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  • Writer's pictureR&D - Pesquisa e Desenvolvimento

Legacy Modernization for a new World: Part I


What is your strategy for migrating applications in your organization?


In several clients that we are serving, there are scenarios where we are faced with numerous legacy components in organizations. Many of these are crucial and fundamental for the operation of the business, however, there are the challenges of modernizing them in the most adherent way to the demands of all industries in the market.


Application Strangling Pattern


The Throttle Pattern has become very popular, having been documented on the microservices.io website ( https://microservices.io/patterns/refactoring/strangler- application.html), the objective of this pattern is to make legacy applications change gradually, changing services in a way that consumers and channels are impacted as little as possible.




​Stage 1

​Consumer channels access 100% of the Legacy Service

​Stage 2

​We created a Facade, which is also a strategy inspired by the Pattern Façade (GOF) - https://en.wikipedia.org/wiki/Facade_pattern, but in this case, we can create a specialization of this patter which is the Facade API (Facade API - https://cloud.google.com/ static/files/apigee/apigee-api-facade-pattern-ebook.pdf ). The objective of this façade is to abstract the communication between the channels and the service ends, in this case, access may be 80% in legacy components, and 20% in already modernized components.

​Stage 3

​As the legacy system functionalities are modernized into smaller services, that is, breaking this monolith into smaller services (micro or macro services), let's say that at this stage the consumer channels via the API Façade, can now access much more of the functionalities of the modernized services and no longer all the capabilities of the legacy services.

Internship N

At some point, the result of this strategy is to simply turn offthe legacies.

Types of Legacy Components most found by our Consulting team


Stored Procedures and Database Components


More than 20 years ago, it was very common to build applications in the client-server model (Client-Server), which could be divided into two forms: Thin Client/Fat Server and Fat Client/Thin Server. Due to the much greater computational capacity on the server side, the Fat Server model was much more used, which resulted in the creation of Desktop applications using Delphi, Visual Basic, Fox pro, Oracle Forms, accessing databases as numerous functions (Stored Procedures) , due to the great power of databases at the time, for example, Oracle, which has PL/SQL, which has an incredible capacity to not only concentrate business rules but several functions that facilitated the construction of extremely robust applications. Let's use here an example of an architecture made for a client with a combination of Delphi and Oracle:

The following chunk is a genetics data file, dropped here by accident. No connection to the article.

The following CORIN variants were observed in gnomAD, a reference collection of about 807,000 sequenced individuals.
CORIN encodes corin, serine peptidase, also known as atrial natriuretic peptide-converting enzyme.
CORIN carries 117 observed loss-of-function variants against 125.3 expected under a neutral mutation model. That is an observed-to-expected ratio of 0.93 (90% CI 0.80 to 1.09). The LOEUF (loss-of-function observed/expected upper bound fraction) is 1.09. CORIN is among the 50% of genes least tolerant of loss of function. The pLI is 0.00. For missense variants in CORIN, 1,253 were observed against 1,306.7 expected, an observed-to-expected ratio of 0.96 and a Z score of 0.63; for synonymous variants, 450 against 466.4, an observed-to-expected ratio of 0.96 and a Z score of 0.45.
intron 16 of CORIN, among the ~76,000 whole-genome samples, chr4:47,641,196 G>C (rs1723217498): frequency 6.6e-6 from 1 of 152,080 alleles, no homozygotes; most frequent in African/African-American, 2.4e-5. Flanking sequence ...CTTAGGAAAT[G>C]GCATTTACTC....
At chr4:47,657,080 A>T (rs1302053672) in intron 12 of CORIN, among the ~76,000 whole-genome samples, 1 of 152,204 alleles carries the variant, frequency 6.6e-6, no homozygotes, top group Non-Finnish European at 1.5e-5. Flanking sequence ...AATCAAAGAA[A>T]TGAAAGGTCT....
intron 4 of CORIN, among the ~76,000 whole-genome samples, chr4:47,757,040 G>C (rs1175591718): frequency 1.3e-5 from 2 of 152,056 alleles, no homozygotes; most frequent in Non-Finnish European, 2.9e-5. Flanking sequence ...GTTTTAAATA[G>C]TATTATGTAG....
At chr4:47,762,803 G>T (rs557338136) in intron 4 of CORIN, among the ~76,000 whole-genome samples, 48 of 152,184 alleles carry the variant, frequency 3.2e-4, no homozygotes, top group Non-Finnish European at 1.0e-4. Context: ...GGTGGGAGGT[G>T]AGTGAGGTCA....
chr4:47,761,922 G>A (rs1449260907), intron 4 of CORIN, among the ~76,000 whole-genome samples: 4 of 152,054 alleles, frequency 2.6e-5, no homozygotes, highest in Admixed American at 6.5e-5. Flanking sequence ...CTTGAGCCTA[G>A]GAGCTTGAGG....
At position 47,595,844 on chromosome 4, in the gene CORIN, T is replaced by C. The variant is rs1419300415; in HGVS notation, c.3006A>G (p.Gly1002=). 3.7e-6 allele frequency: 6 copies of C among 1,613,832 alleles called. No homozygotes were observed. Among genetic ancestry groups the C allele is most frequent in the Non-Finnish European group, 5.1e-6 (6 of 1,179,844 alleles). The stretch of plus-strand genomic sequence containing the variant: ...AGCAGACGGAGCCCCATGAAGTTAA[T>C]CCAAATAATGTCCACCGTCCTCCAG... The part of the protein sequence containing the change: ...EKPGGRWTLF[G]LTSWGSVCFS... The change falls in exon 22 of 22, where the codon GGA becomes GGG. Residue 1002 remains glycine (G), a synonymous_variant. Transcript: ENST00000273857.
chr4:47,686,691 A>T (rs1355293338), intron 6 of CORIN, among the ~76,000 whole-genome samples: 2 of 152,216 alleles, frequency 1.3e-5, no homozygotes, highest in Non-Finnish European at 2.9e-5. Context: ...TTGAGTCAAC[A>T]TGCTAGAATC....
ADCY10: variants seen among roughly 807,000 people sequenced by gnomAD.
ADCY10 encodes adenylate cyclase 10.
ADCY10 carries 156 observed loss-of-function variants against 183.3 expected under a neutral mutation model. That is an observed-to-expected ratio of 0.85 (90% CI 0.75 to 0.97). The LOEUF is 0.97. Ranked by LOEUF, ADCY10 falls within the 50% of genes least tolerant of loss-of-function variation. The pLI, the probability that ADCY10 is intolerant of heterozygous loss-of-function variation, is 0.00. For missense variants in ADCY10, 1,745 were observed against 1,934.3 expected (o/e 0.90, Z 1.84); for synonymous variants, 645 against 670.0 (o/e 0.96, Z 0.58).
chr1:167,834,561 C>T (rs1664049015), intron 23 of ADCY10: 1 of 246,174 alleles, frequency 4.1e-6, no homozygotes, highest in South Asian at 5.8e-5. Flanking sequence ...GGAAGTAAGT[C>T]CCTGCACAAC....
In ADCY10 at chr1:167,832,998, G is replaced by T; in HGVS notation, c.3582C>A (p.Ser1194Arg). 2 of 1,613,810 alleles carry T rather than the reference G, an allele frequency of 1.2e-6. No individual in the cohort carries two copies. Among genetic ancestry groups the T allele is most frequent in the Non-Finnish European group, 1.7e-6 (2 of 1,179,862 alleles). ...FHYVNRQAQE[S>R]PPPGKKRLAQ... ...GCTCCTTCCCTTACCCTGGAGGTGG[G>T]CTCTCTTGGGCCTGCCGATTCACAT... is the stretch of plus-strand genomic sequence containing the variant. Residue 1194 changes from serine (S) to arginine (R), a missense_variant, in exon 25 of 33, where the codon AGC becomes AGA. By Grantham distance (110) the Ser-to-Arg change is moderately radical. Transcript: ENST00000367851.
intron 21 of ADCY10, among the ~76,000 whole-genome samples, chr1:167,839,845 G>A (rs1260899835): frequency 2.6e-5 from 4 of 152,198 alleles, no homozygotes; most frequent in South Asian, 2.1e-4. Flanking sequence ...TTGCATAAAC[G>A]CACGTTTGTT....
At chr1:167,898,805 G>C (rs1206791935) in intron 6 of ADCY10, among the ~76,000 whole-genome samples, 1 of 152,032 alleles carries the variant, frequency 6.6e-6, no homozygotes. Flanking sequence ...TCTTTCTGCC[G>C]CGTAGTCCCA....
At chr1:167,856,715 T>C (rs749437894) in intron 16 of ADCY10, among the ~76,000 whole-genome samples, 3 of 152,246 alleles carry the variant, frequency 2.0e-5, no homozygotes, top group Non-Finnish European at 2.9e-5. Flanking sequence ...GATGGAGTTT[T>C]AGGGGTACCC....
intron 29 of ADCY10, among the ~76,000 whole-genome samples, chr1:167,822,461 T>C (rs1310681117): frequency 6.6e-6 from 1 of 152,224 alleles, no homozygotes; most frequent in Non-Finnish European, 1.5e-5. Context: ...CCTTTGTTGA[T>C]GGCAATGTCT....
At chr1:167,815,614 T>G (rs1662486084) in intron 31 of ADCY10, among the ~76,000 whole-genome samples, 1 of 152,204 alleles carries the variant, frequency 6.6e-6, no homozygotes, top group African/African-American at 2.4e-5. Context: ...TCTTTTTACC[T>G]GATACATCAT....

Many customers have numerous business rules, even integrations built with PL/SQL. With the issue of Windows support, many of these applications for example Delphi, but even other technologies from the 90s/2000s may have problems to keep running, for that reason, some of these companies are literally desperate and the reason is "How can I migrate this solution to another system, considering that all my rules cannot be ported?


What was our proposal?


Acquiring a new ERP would be complex, as there would still be the problem of migrating business rules. So what do we suggest?


1- A new front-end single page application with Angular, porting the desktop user experience, adding all the modern day improvements.


2- This new SPA application would access REST APIs, which act as facades to access all the functionalities and rules that are still in the Oracle Database.


3 - The focus was on critical functionalities, and with that, new users started using this new frontend, which interacted with the same data as the legacy Delphi application.


4- Gradually, all features were ported to the SPA, making them 100% compatible with the features of the Delphi desktop application.





5- With the users migrated to this new UI in the SPA application, the desktop application is no longer used.


6- With the use of APIs, any and all functionality written in PL/SQL could give rise to a new microservice using technologies such as docker, kubernetes, protocols such as WebSockets, etc.




7- The new architecture, in addition to microservices, now has 3 databases, some things still in Oracle, but also coexisting with MongoDB and Redis.


Benefits for the Customer and the Business


  • Savings: The customer did not need to invest in a new ERP, which would be a significant investment.

  • Migration and Customization Risk Reduction: Customizing an ERP bringing existing rules is one of the riskiest and also most expensive tasks for modernizations in this sense.

  • Improvement of Experience: Users have preserved the functionality of the Desktop, with the richness of a Single Page Application, with all the improvements applied by the disciplines of UX (User Experience).

  • Service for new business channels: For access by third parties or partners, they can integrate through APIs that now act as a central input layer for all services.


Conclusion


This is an example of the work we do for several clients, paying attention to the particularity of each one of them, applying a methodology we call RNC(https://www.skalena.com/modernizacao-legados-skalena), soon we will publish Part II of this article, where we'll talk about strategies for modernizing WebServices/SOAP and in Part III, about the concept of Lift & Shift.


Do you want to chat, have a coffee or even a 30-minute conversation session about these and other subjects? Send us a message:

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